A few weeks ago I attended Shankminds, an entrepreneurial conference I’ve always wanted to attend, and was able to do so this year because it was virtual. I’ll take the silver linings as they come, right? It was a day filled with great speakers who got me energized to move forward with my business.
Aside from the closing keynote speaker, Olivia Amato of Peloton (if you aren’t familiar, click here), one of my favorite speakers of the day was Richy Glassberg, digital pioneer, who – among other things – helped start CNN.com. He shared with us some great advice which I would argue did not apply to just work, but life in general. Some of his quotes I tweeted that day during the conference included:
“There’s never been only one way to do something.”
“If you’re the only one talking, you’re never going to know what the client needs. Just shut up and listen.”
“It’s ok to not know the answer.” Now this was the one that got me.
I grew up in the eighties when Dry Idea’s “never let ’em see you sweat commercial” came to be. Every commercial was a person literally trying to hide their nervousness, anxiety or lack of knowledge. And maybe that stuck with me. Or maybe because I’m a woman, or maybe because I’m 4’8″… I’m not sure. But whatever the reason, the idea of letting someone know that I don’t know the answer was not something I’d ever be comfortable doing.
If a client asks if I know what they’re talking about.. some example of some technology their competitor is using, my instinct is to say yes, then go figure it out later. If a friend mentions some news story that I may have missed (because with so much news it’s easy to miss something) I am most comfortable staying silent and pretending I know what they are talking about.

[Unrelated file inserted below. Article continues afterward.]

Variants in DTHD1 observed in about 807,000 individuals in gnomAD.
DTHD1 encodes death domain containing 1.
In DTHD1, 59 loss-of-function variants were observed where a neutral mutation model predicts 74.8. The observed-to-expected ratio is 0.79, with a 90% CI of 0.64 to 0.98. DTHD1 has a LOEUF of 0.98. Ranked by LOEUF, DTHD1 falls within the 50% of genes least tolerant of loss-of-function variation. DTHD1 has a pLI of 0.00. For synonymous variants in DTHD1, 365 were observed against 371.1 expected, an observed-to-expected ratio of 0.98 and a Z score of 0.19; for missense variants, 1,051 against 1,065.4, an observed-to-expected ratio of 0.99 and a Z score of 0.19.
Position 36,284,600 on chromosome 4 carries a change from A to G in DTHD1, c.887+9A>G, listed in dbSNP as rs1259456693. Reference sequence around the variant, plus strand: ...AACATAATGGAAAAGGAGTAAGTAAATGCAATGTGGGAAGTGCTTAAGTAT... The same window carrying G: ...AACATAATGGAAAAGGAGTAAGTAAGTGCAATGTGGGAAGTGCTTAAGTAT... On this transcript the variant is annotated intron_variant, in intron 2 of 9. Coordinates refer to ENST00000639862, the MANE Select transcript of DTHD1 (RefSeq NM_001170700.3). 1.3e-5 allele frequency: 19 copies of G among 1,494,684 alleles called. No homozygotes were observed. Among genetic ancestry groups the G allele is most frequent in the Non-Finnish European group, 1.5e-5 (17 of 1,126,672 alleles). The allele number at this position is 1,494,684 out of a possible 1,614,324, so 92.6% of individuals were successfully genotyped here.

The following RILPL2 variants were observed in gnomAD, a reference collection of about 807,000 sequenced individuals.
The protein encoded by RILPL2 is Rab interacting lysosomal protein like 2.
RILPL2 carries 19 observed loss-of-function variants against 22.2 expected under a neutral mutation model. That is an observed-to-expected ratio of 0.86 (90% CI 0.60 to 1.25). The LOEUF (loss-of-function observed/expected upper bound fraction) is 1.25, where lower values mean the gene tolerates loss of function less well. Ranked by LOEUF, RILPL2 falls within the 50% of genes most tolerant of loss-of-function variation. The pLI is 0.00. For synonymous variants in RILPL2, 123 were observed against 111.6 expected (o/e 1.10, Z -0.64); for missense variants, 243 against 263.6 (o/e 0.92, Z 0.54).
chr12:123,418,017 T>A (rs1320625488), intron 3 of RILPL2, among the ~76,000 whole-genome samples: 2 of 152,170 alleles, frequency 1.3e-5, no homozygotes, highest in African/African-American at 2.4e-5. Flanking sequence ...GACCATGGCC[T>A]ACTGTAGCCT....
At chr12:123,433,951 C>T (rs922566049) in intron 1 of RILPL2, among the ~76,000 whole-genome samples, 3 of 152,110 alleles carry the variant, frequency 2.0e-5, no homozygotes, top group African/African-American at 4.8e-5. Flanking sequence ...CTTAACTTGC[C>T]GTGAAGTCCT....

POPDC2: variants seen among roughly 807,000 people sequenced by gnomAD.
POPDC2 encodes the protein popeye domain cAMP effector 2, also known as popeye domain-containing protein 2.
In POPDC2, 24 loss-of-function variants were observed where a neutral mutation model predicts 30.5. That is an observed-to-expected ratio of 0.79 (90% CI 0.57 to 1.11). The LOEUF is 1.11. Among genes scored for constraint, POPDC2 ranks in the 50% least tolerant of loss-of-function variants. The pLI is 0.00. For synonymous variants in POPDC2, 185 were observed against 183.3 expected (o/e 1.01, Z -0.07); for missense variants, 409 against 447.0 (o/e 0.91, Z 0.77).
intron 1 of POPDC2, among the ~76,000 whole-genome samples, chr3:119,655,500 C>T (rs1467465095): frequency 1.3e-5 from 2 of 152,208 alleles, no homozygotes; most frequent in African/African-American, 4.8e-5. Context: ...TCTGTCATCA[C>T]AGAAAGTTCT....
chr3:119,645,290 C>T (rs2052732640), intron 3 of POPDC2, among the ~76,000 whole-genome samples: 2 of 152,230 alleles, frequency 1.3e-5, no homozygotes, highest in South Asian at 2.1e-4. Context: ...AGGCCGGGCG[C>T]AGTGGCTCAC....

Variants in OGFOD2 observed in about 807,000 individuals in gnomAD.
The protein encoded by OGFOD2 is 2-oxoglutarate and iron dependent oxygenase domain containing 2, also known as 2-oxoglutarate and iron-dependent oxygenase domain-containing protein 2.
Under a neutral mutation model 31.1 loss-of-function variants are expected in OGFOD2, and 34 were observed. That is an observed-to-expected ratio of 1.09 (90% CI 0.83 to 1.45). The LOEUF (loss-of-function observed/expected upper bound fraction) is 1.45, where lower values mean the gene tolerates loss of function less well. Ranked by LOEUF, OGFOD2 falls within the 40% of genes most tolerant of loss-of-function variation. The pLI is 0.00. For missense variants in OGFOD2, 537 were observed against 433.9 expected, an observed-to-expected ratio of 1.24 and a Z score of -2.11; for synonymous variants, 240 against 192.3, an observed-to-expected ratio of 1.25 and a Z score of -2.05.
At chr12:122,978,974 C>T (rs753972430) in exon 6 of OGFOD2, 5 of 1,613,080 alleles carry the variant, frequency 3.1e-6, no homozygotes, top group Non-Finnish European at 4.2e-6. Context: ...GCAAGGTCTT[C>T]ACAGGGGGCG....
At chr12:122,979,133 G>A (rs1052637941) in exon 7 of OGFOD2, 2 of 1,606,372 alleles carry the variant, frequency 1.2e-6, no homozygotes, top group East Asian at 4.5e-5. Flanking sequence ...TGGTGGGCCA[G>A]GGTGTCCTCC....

But the statement “it’s ok to not know the answer” literally freed me.
When a client wants to know about a new technology, it’s ok if they heard about it first. I’ve often said I’m not an expert (in fact I wrote about it back in 2013). So if I’m going to say it, I need to live it. I truly don’t know everything and even if my clients are depending on me to know all the answers, it’s ok to be human and to let them know I may not know about it yet – but I will learn about it, and then we can make an educated decision on where to go next.
I have found this especially true during COVID but I’ve gotten better at saying “I don’t know.” My clients are looking to me for an answer and I truly don’t know. I mean.. really… who knows the right next move? Who knows how to create a successful strategy during a pandemic? None of us have been here before. So to not know – and to be able to tell someone I don’t know has really just set me free.
I will never claim to know everything about anything. I’m not an expert, I’m a practitioner. And being able to tell someone I don’t yet know puts us on the same page to collaborate and work together. Does it make me feel a little more vulnerable? It can. But is that a bad thing? No.. it’s a human thing.
Note: It’s also a dog thing. Gramercy, in the photo above, is fully aware of what it means when my son’s camp duffel appears and gets packed. TriBeCa, on the other hand, is not afraid to admit she really doesn’t know much of anything.